Thread: The Gift of Iluvatar to Men
The Gift of Iluvatar to Men, or Mortality, or Death, or The Seeking Beyond, has always interested me since I first read about it in the Silmarillion. I had trouble understanding it at first, but as I read and reread the books, I started to understand, both the concept itself and the conflict it created between Elves and Men. Even now, 30 years after I first started reading JRRT, I'm still groping with the concept of the reason for it.
Eru made the Elves immortal, His Elder Children, to the delight of the Valar. They would be together through the Ages of the World after their Awakening, and not die. But Men would be mortal, and live for a relatively short time compared to the Elves, and then die and leave the Circles of the World. The Elves and the Valar don't understand the reason for this, and neither do Men. The Elves don't "die" even if they are killed: their spirits go to the Halls of Mandos in Aman, and after a time they can be reborn: Feanor is still in the Halls, Finrod was reborn in Valinor, and Luthien was offered the chance but turned it down. But the spirits of Men go to separate Halls in Mandos and then leave the World forever: Beren lingered there until Luthien came.
I honestly think that Iluvatar made it easy for Men when he made them mortal: They get tired of life, since their bodies aren't designed to last longer than about a hundred years or so. The Numenoreans were given a longer lifespan, but again their bodies weren't designed to last longer than that. Men were designed for "planned obsolescence" of a sort, while the Elves and the Valar were part of the Essence and Life of Arda itself. Yes, the Elves and the Valar live forever, but it even says in the Silmarillion that eventually the Valar themselves will get tired of living forever and want to die.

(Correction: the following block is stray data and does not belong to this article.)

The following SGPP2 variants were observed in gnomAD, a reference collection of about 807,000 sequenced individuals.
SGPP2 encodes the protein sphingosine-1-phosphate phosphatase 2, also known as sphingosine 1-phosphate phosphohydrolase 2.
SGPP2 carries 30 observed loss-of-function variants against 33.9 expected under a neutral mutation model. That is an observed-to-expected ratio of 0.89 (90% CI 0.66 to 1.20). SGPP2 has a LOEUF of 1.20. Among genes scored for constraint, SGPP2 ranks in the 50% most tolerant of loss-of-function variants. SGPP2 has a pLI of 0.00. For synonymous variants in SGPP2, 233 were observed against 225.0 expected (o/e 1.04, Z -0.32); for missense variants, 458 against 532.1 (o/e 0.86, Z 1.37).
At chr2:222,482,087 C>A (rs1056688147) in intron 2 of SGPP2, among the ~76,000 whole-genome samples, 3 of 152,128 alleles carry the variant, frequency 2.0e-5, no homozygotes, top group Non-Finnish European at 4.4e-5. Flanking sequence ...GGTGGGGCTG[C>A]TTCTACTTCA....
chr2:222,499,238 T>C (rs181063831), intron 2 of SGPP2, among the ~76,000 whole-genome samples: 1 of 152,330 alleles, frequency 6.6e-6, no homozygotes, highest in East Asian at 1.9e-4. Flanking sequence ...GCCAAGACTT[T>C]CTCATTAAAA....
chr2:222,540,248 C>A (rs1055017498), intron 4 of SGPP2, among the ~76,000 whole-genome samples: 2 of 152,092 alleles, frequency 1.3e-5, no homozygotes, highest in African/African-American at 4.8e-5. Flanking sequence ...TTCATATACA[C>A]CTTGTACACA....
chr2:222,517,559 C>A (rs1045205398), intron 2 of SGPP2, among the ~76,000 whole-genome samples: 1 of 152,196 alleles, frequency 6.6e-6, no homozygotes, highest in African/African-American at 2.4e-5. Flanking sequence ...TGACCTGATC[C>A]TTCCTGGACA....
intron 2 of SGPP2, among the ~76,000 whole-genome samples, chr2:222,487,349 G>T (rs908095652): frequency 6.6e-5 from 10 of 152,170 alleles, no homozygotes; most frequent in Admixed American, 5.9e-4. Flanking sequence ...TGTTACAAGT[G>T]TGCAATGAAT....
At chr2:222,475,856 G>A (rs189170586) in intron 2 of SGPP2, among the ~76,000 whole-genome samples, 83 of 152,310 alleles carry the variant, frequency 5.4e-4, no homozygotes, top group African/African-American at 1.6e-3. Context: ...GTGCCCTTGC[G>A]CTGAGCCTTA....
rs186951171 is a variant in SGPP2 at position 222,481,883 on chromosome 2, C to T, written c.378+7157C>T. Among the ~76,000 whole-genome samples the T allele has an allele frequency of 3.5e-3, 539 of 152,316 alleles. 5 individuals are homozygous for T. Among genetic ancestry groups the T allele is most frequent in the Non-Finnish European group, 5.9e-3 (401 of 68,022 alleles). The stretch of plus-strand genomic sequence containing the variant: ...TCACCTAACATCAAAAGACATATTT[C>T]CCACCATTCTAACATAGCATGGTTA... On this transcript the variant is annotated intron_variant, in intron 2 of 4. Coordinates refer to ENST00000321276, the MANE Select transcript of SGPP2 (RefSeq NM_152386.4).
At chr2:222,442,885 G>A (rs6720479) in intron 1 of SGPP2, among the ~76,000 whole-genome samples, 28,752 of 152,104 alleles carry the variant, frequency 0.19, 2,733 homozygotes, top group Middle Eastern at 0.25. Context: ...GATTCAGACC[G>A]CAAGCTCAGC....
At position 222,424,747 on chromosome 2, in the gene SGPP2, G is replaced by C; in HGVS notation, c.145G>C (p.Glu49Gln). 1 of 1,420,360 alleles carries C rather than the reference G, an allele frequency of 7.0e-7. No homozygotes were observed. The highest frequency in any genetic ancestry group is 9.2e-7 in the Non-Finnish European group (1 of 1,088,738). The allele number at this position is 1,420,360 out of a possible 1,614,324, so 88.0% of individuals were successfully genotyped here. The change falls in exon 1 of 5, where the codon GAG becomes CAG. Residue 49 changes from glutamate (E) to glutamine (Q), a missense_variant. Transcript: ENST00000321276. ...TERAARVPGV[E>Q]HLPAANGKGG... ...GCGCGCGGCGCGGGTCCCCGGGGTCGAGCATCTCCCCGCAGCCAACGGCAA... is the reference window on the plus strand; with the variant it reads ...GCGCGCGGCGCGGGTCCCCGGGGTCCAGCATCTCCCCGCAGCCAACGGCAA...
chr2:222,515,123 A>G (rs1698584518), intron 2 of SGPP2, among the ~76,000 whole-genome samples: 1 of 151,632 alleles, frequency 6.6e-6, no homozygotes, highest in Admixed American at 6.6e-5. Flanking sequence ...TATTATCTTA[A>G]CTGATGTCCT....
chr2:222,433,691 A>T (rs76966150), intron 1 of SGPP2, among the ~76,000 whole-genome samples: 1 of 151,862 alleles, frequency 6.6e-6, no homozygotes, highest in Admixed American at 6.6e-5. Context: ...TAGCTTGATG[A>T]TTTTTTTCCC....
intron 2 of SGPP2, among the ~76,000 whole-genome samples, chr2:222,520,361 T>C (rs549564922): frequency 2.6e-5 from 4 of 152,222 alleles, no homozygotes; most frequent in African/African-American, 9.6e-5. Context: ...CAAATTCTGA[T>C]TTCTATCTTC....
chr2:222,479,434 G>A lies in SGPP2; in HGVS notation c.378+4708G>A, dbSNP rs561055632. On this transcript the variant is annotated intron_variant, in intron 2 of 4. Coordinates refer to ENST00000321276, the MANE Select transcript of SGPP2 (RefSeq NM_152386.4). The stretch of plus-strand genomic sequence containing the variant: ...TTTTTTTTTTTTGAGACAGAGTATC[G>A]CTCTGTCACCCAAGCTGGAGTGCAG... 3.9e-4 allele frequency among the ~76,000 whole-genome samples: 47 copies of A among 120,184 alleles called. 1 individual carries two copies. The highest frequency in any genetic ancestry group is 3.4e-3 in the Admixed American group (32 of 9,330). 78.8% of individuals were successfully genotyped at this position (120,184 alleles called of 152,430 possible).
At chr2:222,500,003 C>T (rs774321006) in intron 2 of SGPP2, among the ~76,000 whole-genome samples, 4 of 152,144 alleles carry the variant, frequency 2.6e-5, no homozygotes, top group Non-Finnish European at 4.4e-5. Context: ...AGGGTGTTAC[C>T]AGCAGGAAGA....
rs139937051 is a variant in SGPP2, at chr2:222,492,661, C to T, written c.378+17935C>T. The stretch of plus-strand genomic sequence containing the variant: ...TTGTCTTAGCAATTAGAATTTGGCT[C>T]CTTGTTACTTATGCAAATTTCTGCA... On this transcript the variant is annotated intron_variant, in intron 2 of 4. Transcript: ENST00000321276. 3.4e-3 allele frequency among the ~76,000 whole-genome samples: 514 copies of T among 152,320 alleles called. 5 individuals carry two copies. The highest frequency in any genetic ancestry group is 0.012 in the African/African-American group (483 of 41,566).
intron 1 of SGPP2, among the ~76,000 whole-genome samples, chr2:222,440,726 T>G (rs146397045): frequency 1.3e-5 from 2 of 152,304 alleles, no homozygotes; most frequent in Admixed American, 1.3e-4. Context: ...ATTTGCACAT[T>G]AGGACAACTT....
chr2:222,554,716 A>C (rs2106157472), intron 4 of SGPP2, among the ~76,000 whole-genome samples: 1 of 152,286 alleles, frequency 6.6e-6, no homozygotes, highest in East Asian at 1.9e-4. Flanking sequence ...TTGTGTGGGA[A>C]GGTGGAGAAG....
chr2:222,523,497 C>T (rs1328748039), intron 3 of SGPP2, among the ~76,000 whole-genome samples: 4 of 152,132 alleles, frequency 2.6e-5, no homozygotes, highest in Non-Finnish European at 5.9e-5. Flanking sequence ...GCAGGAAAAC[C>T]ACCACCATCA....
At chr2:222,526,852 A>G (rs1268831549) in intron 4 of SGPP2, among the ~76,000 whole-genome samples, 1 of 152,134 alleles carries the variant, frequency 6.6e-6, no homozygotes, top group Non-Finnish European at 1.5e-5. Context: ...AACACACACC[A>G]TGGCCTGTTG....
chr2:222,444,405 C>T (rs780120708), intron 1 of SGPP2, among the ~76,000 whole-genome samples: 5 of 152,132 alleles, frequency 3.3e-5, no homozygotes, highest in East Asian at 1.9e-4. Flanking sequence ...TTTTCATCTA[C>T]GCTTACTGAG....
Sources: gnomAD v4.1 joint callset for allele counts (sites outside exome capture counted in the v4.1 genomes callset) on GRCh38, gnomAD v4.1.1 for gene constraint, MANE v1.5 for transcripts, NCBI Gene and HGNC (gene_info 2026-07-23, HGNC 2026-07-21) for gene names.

Personally, I would rather stay mortal myself. Yes, the world is a wonderful place despite everything that's wrong with it, but eventually my body will wear out, and I believe that there is a life of a sort after death. Call it Heaven, or Hell, or Limbo, or the Afterlife. Even Earendil was weary of the world but chose to be immortal for Elwing his wife. And at the end of the Third Age, Elrond grew weary of Middle-Earth and departed into the West. King Elessar himself willingly gave up his life at the end and died peacefully, and was afterward joined by Arwen.
What choice would you make, if you could, and why?
call it a experiment..
i want to see or feel or sense is there life after death
For this example, I give you the Ringwraiths.
As Gandalf explains to Frodo, the Great Rings don't convey more life to their bearers. The Men who wear them merely continue to exist until every moment is torture. Or as BIlbo said to Gandalf: "I feel thin, sort of stretched, like butter spread over too much bread." The Ringwraiths became enslaved to the Rings they wore, but I think it can also be said that they became trapped in this world by the Rings, unable to leave. They finally died when the One Ring was destroyed, while the Witch King was killed by Eowyn and Merry because he was supposed to. (We can talk about Doom in another thread.) I like to think that, even as evil as they may have been, they were happy and actually relieved whey they were finally released from their slavery.